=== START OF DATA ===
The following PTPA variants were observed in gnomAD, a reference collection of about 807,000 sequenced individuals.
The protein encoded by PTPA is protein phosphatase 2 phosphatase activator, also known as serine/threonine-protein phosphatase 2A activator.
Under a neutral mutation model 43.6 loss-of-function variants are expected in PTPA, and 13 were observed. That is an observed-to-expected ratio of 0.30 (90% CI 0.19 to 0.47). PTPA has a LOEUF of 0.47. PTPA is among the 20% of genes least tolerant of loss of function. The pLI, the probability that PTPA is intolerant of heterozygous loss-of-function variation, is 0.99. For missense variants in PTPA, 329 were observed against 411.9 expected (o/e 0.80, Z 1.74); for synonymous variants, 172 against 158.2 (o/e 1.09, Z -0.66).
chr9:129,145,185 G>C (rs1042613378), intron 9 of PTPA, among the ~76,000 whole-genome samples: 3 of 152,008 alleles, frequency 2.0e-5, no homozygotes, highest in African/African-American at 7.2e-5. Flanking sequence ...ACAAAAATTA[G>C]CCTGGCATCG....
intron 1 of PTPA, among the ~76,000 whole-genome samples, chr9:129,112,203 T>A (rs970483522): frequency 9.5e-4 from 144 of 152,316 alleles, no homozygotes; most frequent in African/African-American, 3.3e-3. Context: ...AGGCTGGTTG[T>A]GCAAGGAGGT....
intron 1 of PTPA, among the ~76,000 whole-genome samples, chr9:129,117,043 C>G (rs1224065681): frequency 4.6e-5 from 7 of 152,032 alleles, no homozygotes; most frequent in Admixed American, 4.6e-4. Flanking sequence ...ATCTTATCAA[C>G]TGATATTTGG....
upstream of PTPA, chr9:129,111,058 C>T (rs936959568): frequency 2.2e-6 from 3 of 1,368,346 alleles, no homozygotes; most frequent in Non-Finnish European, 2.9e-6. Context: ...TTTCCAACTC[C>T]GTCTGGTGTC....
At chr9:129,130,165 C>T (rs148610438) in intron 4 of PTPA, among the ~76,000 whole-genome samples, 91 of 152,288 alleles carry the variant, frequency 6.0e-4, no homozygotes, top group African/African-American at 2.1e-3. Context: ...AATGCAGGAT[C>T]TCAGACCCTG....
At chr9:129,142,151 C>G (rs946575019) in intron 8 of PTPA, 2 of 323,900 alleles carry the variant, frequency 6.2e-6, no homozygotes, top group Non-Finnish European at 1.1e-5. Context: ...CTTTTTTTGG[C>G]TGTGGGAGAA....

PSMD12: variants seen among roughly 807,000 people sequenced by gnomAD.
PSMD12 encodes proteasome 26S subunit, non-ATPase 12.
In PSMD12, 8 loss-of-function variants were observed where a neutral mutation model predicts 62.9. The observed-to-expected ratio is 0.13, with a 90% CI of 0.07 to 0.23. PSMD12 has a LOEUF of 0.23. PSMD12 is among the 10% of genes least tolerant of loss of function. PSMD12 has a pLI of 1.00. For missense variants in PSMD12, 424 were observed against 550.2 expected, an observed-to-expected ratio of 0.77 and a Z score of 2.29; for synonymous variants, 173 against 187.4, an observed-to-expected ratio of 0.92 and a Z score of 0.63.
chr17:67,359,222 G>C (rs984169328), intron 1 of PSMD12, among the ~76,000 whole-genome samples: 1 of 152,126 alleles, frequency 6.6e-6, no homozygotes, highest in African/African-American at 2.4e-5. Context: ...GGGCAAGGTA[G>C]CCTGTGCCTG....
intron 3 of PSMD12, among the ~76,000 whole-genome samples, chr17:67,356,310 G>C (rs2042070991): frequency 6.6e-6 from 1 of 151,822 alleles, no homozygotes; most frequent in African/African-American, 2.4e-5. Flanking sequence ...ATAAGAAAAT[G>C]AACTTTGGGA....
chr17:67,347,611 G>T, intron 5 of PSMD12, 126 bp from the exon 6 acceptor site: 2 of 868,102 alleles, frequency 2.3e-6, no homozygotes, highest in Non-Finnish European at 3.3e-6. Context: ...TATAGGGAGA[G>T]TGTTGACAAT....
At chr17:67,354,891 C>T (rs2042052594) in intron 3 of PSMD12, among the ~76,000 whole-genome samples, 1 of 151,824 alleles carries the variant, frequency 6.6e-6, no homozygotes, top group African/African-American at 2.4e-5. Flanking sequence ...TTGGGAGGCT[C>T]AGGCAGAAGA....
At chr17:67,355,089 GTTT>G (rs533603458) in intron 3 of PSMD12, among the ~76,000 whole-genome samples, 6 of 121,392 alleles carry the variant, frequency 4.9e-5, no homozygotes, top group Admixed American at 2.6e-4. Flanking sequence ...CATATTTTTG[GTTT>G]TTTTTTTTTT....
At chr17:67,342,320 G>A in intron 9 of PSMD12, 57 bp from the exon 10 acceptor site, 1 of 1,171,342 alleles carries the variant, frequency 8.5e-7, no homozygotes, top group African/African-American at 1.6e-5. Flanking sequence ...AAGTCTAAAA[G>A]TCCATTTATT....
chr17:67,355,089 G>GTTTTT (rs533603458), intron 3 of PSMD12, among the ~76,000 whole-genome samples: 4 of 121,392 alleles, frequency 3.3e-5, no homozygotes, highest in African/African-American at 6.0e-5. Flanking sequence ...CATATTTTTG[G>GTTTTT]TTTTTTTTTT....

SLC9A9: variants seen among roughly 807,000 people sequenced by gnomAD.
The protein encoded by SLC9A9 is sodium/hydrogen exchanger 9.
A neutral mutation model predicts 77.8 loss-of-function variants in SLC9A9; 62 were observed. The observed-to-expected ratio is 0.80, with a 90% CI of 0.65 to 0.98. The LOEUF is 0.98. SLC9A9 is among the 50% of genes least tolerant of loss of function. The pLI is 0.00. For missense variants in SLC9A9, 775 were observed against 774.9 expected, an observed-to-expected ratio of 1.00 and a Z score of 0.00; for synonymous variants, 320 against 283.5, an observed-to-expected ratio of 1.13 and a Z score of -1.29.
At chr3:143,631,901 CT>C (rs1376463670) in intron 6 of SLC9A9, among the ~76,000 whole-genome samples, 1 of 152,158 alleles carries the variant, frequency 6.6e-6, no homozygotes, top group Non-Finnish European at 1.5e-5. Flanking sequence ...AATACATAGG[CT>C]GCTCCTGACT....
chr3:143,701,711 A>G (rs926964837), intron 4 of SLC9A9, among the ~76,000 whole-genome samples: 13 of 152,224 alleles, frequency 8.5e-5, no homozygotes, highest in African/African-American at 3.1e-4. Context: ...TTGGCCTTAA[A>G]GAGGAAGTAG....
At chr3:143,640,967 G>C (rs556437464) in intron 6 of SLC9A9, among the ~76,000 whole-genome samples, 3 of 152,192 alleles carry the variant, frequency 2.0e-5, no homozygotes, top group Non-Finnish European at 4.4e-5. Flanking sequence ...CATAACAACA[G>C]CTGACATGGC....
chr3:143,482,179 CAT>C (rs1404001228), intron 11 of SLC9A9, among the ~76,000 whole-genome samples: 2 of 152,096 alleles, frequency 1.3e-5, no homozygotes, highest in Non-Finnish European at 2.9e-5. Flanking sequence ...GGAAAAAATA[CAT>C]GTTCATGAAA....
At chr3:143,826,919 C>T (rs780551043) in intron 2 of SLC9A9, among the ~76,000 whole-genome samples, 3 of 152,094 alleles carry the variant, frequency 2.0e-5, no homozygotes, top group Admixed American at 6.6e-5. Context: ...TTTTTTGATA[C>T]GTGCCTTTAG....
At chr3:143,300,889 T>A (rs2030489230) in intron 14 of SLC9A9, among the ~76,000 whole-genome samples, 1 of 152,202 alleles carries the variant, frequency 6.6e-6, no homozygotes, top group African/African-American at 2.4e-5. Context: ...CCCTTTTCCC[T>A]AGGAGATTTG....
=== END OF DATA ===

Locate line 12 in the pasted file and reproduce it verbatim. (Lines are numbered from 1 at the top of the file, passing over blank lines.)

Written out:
In PSMD12, 8 loss-of-function variants were observed where a neutral mutation model predicts 62.9. The observed-to-expected ratio is 0.13, with a 90% CI of 0.07 to 0.23. PSMD12 has a LOEUF of 0.23. PSMD12 is among the 10% of genes least tolerant of loss of function. PSMD12 has a pLI of 1.00. For missense variants in PSMD12, 424 were observed against 550.2 expected, an observed-to-expected ratio of 0.77 and a Z score of 2.29; for synonymous variants, 173 against 187.4, an observed-to-expected ratio of 0.92 and a Z score of 0.63.